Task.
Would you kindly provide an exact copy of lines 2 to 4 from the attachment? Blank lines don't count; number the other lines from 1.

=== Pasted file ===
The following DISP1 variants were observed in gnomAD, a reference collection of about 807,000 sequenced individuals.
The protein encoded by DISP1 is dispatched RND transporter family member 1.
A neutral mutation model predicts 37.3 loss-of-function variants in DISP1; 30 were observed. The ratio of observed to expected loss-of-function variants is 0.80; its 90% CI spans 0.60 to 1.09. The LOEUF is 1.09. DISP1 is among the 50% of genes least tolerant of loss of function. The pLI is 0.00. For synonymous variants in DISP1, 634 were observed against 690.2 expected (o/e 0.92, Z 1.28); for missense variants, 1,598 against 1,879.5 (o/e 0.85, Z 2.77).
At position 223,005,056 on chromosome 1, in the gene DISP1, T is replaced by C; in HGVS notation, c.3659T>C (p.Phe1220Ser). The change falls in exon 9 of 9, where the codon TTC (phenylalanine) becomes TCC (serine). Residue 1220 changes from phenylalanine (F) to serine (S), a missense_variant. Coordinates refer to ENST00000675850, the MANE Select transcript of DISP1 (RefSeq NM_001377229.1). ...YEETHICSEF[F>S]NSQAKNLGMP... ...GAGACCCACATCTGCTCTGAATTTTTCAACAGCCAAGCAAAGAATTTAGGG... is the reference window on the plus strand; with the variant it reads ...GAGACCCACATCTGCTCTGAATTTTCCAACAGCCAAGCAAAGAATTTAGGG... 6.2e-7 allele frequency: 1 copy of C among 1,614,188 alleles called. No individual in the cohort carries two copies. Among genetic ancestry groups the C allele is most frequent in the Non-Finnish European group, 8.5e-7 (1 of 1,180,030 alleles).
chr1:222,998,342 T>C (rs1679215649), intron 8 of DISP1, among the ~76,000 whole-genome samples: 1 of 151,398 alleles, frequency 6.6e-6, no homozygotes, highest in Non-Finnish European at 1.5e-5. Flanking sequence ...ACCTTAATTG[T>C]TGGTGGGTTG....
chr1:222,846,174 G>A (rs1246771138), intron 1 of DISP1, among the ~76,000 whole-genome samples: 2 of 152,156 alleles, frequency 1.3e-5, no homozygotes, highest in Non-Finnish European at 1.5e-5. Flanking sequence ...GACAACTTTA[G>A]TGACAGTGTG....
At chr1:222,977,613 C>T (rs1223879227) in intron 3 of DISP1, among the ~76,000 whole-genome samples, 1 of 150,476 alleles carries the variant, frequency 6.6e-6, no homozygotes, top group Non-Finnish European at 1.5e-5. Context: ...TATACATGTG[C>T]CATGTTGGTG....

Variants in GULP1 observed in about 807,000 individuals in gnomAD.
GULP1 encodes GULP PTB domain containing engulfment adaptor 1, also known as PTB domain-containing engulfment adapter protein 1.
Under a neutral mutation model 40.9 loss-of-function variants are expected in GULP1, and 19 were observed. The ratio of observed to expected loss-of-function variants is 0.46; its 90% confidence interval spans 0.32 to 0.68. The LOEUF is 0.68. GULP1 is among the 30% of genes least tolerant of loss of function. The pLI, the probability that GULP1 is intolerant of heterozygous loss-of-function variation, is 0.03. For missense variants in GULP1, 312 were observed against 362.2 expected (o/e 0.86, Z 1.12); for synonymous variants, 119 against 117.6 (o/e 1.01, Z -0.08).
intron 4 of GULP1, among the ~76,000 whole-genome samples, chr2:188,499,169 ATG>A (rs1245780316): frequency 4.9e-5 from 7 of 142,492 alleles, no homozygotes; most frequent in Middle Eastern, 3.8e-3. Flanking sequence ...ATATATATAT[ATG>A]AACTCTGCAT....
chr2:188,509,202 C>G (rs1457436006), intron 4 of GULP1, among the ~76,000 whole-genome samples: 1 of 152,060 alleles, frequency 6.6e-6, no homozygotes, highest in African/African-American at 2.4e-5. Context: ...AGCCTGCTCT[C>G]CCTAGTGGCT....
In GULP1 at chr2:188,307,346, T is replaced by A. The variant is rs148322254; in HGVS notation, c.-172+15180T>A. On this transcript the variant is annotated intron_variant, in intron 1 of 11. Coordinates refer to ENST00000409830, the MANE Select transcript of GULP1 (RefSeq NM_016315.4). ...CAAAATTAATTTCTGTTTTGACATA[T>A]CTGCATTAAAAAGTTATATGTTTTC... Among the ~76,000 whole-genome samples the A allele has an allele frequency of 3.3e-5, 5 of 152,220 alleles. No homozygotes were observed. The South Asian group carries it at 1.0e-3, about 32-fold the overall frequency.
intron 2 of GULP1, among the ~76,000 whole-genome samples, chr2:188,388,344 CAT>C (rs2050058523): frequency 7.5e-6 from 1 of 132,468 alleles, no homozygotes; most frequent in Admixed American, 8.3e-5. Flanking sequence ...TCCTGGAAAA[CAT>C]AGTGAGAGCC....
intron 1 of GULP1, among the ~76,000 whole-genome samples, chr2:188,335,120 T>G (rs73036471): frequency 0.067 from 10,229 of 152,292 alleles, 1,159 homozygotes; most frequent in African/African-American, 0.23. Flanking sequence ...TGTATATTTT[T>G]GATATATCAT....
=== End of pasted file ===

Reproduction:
The protein encoded by DISP1 is dispatched RND transporter family member 1.
A neutral mutation model predicts 37.3 loss-of-function variants in DISP1; 30 were observed. The ratio of observed to expected loss-of-function variants is 0.80; its 90% CI spans 0.60 to 1.09. The LOEUF is 1.09. DISP1 is among the 50% of genes least tolerant of loss of function. The pLI is 0.00. For synonymous variants in DISP1, 634 were observed against 690.2 expected (o/e 0.92, Z 1.28); for missense variants, 1,598 against 1,879.5 (o/e 0.85, Z 2.77).
At position 223,005,056 on chromosome 1, in the gene DISP1, T is replaced by C; in HGVS notation, c.3659T>C (p.Phe1220Ser). The change falls in exon 9 of 9, where the codon TTC (phenylalanine) becomes TCC (serine). Residue 1220 changes from phenylalanine (F) to serine (S), a missense_variant. Coordinates refer to ENST00000675850, the MANE Select transcript of DISP1 (RefSeq NM_001377229.1). ...YEETHICSEF[F>S]NSQAKNLGMP... ...GAGACCCACATCTGCTCTGAATTTTTCAACAGCCAAGCAAAGAATTTAGGG... is the reference window on the plus strand; with the variant it reads ...GAGACCCACATCTGCTCTGAATTTTCCAACAGCCAAGCAAAGAATTTAGGG... 6.2e-7 allele frequency: 1 copy of C among 1,614,188 alleles called. No individual in the cohort carries two copies. Among genetic ancestry groups the C allele is most frequent in the Non-Finnish European group, 8.5e-7 (1 of 1,180,030 alleles).